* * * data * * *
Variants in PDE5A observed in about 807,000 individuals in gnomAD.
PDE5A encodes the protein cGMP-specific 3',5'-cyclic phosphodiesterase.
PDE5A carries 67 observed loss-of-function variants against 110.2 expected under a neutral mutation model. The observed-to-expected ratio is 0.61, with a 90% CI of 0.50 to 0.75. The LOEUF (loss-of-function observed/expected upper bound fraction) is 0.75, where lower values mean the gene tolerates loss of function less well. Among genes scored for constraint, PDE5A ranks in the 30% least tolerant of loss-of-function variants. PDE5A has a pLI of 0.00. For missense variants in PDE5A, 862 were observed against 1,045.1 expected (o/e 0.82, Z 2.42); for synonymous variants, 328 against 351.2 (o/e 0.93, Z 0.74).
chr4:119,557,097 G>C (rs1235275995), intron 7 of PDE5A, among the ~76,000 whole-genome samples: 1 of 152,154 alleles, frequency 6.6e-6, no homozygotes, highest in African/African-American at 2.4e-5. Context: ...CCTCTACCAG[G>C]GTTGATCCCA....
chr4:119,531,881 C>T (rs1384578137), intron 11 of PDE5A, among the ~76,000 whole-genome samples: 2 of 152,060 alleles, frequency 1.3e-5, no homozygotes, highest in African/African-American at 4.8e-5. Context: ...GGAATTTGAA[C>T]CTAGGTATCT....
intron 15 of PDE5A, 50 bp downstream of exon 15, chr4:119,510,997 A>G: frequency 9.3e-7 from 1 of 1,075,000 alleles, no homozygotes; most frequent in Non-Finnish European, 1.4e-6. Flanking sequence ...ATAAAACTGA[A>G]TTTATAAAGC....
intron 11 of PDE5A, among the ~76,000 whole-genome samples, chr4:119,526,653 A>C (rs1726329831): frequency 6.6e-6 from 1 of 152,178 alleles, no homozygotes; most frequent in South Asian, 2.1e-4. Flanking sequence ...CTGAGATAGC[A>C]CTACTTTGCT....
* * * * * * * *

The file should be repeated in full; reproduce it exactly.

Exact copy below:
Variants in PDE5A observed in about 807,000 individuals in gnomAD.
PDE5A encodes the protein cGMP-specific 3',5'-cyclic phosphodiesterase.
PDE5A carries 67 observed loss-of-function variants against 110.2 expected under a neutral mutation model. The observed-to-expected ratio is 0.61, with a 90% CI of 0.50 to 0.75. The LOEUF (loss-of-function observed/expected upper bound fraction) is 0.75, where lower values mean the gene tolerates loss of function less well. Among genes scored for constraint, PDE5A ranks in the 30% least tolerant of loss-of-function variants. PDE5A has a pLI of 0.00. For missense variants in PDE5A, 862 were observed against 1,045.1 expected (o/e 0.82, Z 2.42); for synonymous variants, 328 against 351.2 (o/e 0.93, Z 0.74).
chr4:119,557,097 G>C (rs1235275995), intron 7 of PDE5A, among the ~76,000 whole-genome samples: 1 of 152,154 alleles, frequency 6.6e-6, no homozygotes, highest in African/African-American at 2.4e-5. Context: ...CCTCTACCAG[G>C]GTTGATCCCA....
chr4:119,531,881 C>T (rs1384578137), intron 11 of PDE5A, among the ~76,000 whole-genome samples: 2 of 152,060 alleles, frequency 1.3e-5, no homozygotes, highest in African/African-American at 4.8e-5. Context: ...GGAATTTGAA[C>T]CTAGGTATCT....
intron 15 of PDE5A, 50 bp downstream of exon 15, chr4:119,510,997 A>G: frequency 9.3e-7 from 1 of 1,075,000 alleles, no homozygotes; most frequent in Non-Finnish European, 1.4e-6. Flanking sequence ...ATAAAACTGA[A>G]TTTATAAAGC....
intron 11 of PDE5A, among the ~76,000 whole-genome samples, chr4:119,526,653 A>C (rs1726329831): frequency 6.6e-6 from 1 of 152,178 alleles, no homozygotes; most frequent in South Asian, 2.1e-4. Flanking sequence ...CTGAGATAGC[A>C]CTACTTTGCT....